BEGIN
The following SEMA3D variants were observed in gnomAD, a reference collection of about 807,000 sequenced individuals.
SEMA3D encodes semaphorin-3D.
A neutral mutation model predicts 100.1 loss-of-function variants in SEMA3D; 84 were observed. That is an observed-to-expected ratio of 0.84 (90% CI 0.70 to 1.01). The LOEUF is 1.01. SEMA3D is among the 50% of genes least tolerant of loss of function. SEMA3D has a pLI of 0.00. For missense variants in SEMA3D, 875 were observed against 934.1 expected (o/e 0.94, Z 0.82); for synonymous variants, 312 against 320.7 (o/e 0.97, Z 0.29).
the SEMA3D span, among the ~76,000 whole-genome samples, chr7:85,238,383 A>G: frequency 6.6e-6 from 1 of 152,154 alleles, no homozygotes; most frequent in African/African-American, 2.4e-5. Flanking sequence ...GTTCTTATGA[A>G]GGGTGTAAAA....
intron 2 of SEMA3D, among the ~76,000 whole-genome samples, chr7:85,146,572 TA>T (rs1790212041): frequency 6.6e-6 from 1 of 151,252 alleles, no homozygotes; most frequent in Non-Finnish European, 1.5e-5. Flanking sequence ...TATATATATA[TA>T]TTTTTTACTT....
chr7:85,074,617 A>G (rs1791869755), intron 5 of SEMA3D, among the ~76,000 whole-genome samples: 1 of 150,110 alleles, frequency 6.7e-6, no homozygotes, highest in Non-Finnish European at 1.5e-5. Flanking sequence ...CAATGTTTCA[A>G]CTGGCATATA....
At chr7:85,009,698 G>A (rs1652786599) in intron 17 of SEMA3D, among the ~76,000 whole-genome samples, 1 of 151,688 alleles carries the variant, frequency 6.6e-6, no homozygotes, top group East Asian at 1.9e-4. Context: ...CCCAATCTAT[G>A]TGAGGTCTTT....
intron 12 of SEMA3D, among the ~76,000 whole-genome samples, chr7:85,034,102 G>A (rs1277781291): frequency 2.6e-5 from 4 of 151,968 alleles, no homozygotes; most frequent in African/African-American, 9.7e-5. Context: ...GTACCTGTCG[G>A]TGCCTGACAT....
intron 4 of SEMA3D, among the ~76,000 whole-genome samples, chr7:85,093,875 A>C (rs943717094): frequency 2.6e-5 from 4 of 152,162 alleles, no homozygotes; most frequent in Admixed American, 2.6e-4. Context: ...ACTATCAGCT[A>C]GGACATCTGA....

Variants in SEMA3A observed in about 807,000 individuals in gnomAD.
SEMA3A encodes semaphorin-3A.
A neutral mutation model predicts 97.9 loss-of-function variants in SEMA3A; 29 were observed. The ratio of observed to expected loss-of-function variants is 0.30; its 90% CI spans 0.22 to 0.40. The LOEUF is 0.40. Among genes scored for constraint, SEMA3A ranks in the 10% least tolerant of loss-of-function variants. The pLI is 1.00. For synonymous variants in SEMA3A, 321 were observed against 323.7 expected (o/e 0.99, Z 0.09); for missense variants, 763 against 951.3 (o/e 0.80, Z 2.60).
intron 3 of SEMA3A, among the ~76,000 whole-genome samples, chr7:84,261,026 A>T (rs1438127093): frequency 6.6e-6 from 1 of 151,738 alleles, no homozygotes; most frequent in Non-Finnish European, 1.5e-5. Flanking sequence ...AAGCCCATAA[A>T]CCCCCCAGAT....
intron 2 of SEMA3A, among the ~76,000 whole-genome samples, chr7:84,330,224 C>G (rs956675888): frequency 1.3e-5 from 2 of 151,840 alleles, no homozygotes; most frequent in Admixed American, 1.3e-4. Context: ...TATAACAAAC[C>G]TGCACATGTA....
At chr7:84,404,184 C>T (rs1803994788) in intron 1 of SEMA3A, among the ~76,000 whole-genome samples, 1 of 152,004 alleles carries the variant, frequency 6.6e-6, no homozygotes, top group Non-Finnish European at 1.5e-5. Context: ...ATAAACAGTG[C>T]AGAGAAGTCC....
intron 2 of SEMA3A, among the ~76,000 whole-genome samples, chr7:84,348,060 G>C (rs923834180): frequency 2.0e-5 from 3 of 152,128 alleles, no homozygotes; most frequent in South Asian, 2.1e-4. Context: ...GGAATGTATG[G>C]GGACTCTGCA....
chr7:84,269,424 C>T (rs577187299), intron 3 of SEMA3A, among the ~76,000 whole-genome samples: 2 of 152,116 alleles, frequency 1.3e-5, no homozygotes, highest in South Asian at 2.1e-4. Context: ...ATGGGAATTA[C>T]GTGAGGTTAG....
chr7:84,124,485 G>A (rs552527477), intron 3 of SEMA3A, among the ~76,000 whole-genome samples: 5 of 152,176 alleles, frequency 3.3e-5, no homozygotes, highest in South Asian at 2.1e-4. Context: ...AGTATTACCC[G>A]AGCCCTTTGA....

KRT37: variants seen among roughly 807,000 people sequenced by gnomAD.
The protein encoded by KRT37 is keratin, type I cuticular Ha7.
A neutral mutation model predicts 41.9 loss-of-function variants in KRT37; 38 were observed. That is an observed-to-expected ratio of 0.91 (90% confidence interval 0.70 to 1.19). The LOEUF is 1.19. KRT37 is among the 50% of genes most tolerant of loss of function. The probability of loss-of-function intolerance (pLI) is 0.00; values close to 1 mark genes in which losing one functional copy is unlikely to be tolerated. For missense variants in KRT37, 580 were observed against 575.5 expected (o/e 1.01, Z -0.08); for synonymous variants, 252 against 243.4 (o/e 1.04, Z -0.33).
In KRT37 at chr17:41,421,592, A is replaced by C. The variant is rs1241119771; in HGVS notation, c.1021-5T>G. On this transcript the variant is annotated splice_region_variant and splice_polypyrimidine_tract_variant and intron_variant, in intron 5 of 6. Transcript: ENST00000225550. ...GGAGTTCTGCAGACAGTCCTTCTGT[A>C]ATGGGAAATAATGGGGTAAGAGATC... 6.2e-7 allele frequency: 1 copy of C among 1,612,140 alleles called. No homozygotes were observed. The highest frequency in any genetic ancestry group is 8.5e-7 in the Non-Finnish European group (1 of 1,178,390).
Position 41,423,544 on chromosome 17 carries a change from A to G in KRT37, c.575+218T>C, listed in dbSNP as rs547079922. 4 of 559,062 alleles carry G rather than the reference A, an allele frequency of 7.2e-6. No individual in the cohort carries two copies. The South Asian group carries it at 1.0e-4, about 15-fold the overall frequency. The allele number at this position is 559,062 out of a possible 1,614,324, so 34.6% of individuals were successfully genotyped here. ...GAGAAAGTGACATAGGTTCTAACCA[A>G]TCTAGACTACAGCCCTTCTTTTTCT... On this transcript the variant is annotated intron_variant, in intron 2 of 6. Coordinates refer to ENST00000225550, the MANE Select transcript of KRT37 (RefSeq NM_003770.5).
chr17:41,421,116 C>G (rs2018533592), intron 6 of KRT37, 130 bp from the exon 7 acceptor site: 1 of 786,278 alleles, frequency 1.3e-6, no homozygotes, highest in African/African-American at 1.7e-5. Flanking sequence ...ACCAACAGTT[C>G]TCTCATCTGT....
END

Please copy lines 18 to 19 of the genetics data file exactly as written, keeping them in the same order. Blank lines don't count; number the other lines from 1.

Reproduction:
chr7:84,124,485 G>A (rs552527477), intron 3 of SEMA3A, among the ~76,000 whole-genome samples: 5 of 152,176 alleles, frequency 3.3e-5, no homozygotes, highest in South Asian at 2.1e-4. Context: ...AGTATTACCC[G>A]AGCCCTTTGA....

KRT37: variants seen among roughly 807,000 people sequenced by gnomAD.